Apart from the community-based approach, another key announcement made in the union budget of India, 2018–19, was the Ayushman Bharat Pradhan Mantri Jan Arogya Yojana (ABY) that intend to transform the primary, secondary, and tertiary health care system in India.[9] ABY targets around 10 crore families that can be categorized as poor, also the vulnerable population.[10] The program has two components:

  1. Provision of comprehensive primary health care by establishing approximately 150,000 health and wellness centers (HWCs) by year 2022.

  2. Providing financial protection for secondary and tertiary level hospitalization as part of National Health Protection Scheme (NHPS) and


#

Secondary/Tertiary Care

The ABY aims to provide continuum of care across three levels of health system hierarchy, and deliver the entire range of preventive, promotive, curative, diagnostic, rehabilitative, and palliative care services. The first initiative is the NHPS, which has been referred as “the world’s largest government-funded health care (insurance) program.”[11] It aims to provide a coverage for expenses related to secondary- and tertiary-level hospitalization. Entitlements include financing of pre- and posthospitalization expenses and a defined transport allowance up to INR 500,000 per family per 6 hospitalizations per year. It aims to address the health care needs of India’s poorest 100 million households and has the potential to deliver what its predecessors over the past several decades have failed to do.


#

Primary Care

The second initiative, ABP aims to upgrade 150,000 (of the existing 180,000) subcenters (SCs) and primary health centers in India, to HWCs by December 2022. This is to curtail 72% of total OOPE on primary care. Lack of effective primary care also leads to fragmentation of services and burdening of secondary and tertiary levels.[12] This initiative is in concurrence to the NHP-2017 which recommends the strengthening of the primary health care service delivery, and calls for a commitment of two-thirds of the health budget to primary health care.

HWCs also propose to elaborate their current range of services to a broader package of 12 services. It is noteworthy that these include many conditions related to endocrine health. These are childhood and adolescent health care services, screening and management of NCDs, and mental health ailments.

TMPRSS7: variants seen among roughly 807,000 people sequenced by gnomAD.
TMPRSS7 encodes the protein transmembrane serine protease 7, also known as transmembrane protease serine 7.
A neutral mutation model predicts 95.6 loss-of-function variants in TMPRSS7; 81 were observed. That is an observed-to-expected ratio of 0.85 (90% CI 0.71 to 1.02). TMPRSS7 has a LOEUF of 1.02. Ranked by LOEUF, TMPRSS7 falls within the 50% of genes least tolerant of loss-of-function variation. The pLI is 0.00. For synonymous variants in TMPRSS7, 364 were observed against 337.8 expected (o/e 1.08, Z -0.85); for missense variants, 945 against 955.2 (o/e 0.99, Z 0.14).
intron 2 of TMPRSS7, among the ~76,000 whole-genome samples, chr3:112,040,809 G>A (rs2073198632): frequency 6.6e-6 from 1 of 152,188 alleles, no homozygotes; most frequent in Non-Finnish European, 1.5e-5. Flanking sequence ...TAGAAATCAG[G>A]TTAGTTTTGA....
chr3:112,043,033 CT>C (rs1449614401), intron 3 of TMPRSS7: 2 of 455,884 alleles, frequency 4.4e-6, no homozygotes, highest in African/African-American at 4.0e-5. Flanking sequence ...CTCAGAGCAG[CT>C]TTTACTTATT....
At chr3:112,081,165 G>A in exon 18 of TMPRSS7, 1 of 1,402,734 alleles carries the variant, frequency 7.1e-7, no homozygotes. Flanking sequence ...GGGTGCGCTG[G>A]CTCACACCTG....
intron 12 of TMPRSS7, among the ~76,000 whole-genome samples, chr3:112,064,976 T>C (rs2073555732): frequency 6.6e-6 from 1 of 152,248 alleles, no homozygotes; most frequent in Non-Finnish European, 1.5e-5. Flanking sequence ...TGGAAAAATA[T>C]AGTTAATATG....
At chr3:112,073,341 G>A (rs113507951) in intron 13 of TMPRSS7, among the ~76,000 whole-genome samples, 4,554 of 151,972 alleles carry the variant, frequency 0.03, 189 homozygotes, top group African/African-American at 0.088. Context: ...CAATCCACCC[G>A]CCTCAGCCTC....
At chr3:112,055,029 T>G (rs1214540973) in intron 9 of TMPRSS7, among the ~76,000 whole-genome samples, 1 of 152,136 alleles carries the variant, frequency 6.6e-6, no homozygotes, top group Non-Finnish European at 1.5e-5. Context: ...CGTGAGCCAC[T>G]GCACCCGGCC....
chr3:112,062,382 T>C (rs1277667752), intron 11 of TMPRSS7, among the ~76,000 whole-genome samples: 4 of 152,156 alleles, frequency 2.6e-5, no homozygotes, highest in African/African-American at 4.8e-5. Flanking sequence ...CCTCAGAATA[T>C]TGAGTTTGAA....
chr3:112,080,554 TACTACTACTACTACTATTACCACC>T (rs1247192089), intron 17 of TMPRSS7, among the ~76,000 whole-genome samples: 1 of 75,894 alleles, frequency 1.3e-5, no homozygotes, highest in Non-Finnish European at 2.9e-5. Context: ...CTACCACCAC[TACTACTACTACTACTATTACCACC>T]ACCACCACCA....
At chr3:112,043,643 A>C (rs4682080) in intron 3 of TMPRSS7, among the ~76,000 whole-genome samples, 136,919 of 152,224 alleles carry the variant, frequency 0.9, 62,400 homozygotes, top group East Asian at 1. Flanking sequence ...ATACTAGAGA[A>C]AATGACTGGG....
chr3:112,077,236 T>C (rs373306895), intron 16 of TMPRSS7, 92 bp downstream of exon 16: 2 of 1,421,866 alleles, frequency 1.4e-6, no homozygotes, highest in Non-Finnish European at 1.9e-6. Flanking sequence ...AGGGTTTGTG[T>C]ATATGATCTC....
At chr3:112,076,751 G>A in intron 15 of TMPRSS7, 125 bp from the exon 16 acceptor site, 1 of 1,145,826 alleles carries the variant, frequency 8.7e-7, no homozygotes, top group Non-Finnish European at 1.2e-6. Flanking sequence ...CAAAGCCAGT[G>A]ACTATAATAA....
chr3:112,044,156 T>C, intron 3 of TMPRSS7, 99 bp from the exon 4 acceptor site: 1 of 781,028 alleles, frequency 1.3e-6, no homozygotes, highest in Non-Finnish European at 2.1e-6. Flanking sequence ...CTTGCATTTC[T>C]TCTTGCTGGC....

The proposal to set up such a large number of HWCs is potentially a more impactful initiative.[13] One, the comprehensive primary health care delivered through HWCs would benefit the entire 1.3 billion people of India across rural and urban setting. Second, it would strengthen government primary health care system, which caters to only 10% health needs of the people at present while a well-functioning primary health care system has the potential to cater up to 80 to 90% of health needs.[14] Third, strengthening primary health care through HWCs can bring efficiency in health services through increased access, gate keeping, and a functional two-way referral system. Fourth, and importantly, the extended services in HWCs would cover several NCDs, and can tackle the epidemiological transition.

In realization of these goals, there are some key speculations as well. First, is the issue of budget that has been allocated to HWCs, that is, INR 1,200 crore for upgradation of 150,000 SCs, that looks grossly insufficient to provide the expanded range of services.11 Second, there is still shortage of human resource for health at different levels that may obliterate the referral pathway. Third, there are chances of underutilization of public health services due to the preference for private health services, which calls for adequate public–private partnership to deliver the services effectively.


#

Conclusion

In this article, we have tried to assess whether existing government policies are serious enough to deal with the rising epidemic of NCDs. By and large, in the early days of the SDG era in India, most progress has been made in terms of “ensuring leadership for intersectoral coherence and coordination on the structural drivers of health,” and “shifting the focus from treatment to prevention through locally led, politically smart approaches to a far broader agenda.” Comprehensive primary care reduces mortality and morbidity at much lower costs, and significantly reduces the need for secondary and tertiary care.[15] Endocrine and diabetes care providers should utilize these government initiatives to improve the penetration of health care services across India.

In conclusion, in present time, with high burden of NCDs, the ABY offers a window of opportunity to reimagine health as a social goal. Achieving these goals requires structural governance and policy shifts that are firmly rooted in a rights-based approach.


#
#

Conflict of Interest

None declared.


Address for correspondence

Madhur Verma, MD
Department of Community and Family Medicine, All India Institute of Medical Sciences
Bathinda, Punjab
India